When Emily Hashem, 28, bought her first house in the brand new Findlay Creek neighbourhood of Ottawa South, she was excited. She was one of the first homeowners to move in and one of the first to get new sod for her lawn. Three months later, Hashem’s excitement was dampened by her first city water bill.

“I just took a picture (of the bill), sent it to my family and said ‘Oh my God,’” she told CTV Ottawa.

Hashem was billed $1,400 for three months of water usage. She said she had expected her bill to be high after the summer, but more in the neighbourhood of $600 or $700.

“When I opened the bill, I nearly had a heart attack,” she said. “I couldn’t believe it.”

Hashem said landscapers had recommended that she water her new grass for 24 hours a day at the beginning. So she turned on her sprinkler for nearly three days straight and kept it on overnight for another five days.

“I did what I was told,” she said. “I may have been naïve about it, but I’m young. It’s my first house.”

The city even called Hashem with an automated warning to alert her of her high water consumption and the possibility of a leak. She said she slowed down her watering after the city’s notice, but by that time it was too late.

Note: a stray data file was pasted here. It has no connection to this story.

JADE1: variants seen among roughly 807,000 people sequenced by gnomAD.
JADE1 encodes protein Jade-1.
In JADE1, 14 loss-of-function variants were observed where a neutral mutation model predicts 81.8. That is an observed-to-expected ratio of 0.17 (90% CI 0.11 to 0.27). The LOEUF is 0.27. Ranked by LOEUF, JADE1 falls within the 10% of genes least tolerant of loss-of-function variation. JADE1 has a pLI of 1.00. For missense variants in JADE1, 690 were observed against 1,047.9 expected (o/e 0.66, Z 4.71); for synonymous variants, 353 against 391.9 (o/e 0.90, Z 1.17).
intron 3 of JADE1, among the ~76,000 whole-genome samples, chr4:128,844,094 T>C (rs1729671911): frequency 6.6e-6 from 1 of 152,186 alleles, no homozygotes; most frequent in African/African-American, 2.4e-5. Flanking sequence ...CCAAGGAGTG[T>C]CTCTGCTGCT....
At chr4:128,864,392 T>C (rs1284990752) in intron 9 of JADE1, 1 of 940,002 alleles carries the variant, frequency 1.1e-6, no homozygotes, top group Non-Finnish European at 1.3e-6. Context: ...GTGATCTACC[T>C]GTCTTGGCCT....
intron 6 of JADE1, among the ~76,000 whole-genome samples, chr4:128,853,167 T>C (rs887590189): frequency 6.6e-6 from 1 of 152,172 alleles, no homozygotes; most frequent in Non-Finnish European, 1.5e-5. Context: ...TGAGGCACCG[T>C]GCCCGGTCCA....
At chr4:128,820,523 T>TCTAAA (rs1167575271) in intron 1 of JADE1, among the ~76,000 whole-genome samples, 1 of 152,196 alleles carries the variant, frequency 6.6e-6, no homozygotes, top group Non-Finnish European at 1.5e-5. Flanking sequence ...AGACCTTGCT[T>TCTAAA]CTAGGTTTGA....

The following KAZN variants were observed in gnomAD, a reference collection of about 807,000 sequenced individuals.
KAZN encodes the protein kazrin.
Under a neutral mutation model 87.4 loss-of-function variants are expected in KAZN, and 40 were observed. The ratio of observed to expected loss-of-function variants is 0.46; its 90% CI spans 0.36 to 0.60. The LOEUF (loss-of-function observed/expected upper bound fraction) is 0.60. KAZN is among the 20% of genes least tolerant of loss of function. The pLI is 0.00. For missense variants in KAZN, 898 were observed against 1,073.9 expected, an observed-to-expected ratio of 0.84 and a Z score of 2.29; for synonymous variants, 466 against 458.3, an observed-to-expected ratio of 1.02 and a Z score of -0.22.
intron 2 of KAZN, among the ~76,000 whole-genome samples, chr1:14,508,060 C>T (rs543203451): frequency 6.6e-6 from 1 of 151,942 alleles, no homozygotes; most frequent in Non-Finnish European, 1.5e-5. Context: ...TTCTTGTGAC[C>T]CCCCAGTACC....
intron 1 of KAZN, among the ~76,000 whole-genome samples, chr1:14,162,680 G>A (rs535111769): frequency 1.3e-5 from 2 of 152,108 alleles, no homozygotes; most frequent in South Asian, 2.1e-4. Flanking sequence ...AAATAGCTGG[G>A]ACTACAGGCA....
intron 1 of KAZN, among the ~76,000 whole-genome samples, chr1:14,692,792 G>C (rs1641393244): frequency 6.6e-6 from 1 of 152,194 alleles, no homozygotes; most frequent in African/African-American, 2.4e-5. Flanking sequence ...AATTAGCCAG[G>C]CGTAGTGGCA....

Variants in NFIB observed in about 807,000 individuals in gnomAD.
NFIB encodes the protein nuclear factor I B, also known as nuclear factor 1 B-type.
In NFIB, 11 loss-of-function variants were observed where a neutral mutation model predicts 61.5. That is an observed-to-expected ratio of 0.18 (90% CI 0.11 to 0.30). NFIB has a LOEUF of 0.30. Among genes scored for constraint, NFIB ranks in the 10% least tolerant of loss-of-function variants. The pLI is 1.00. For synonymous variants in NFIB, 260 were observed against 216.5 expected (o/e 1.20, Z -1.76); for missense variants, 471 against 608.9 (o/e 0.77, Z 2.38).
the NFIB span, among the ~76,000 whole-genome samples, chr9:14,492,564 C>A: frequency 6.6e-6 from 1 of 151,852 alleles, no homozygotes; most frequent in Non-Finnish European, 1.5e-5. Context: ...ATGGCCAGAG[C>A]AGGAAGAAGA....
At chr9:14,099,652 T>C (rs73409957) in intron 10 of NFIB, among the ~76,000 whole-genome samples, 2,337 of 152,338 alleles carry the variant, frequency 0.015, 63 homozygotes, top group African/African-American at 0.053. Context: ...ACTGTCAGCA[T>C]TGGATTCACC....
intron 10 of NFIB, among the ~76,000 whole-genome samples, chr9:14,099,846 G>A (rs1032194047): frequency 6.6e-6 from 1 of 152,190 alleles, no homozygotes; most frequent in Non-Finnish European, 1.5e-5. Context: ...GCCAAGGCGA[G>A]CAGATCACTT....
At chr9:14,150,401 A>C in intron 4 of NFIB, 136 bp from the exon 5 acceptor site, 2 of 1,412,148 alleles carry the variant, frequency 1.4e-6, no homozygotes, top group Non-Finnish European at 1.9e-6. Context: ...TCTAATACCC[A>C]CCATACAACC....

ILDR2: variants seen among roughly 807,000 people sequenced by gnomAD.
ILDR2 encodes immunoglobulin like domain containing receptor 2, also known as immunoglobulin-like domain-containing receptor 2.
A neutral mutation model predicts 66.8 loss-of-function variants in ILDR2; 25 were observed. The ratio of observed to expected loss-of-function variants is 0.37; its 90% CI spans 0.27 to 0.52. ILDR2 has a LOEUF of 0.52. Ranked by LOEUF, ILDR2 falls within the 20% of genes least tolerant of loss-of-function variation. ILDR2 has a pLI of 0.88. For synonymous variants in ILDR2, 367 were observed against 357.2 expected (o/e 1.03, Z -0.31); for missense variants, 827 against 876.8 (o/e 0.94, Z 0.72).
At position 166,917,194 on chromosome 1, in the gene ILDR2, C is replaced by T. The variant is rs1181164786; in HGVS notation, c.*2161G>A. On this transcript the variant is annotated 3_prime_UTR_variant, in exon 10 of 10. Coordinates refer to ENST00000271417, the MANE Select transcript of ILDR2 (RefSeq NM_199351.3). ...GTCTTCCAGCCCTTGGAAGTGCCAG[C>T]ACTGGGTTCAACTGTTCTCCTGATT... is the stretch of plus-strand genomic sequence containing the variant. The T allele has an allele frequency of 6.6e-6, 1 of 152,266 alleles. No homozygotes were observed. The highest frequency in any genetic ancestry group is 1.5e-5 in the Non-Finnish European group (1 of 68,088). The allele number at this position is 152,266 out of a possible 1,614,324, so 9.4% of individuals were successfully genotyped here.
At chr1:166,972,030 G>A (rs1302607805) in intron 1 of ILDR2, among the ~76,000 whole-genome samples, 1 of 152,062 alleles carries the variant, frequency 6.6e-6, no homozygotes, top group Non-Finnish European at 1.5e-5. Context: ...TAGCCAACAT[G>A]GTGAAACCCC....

Her neighbour across the street, Mustafa Al Rubai, said his family was billed $725. He said they agreed to pay the bill but have barely watered their lawn since.

After a long, hot and dry summer, more homeowners like Hashem and Al Rubai are paying higher rates for their water than they’ve had to in the past. The city has been profiting from the increased water usage; in fact, they have seen a $5 million surplus this year. They haven’t seen a surplus this high in years.

Ottawa city Treasurer Marian Simulik told CTV Ottawa in a statement that the city doesn’t adjust their rates to reflect changes in the weather.

“The city does not refund customers in years of surplus, nor does it charge extra to recover costs in years when there is a deficit…customers are encouraged to contact the revenue branch to discuss their water bill.”

Hashem and Rabai both contacted the revenue branch but they said they received the same answer.

“My bill is my bill…$1,400 of water,” Hashem said. “The grass isn’t even that green. There are yellow spots everywhere.”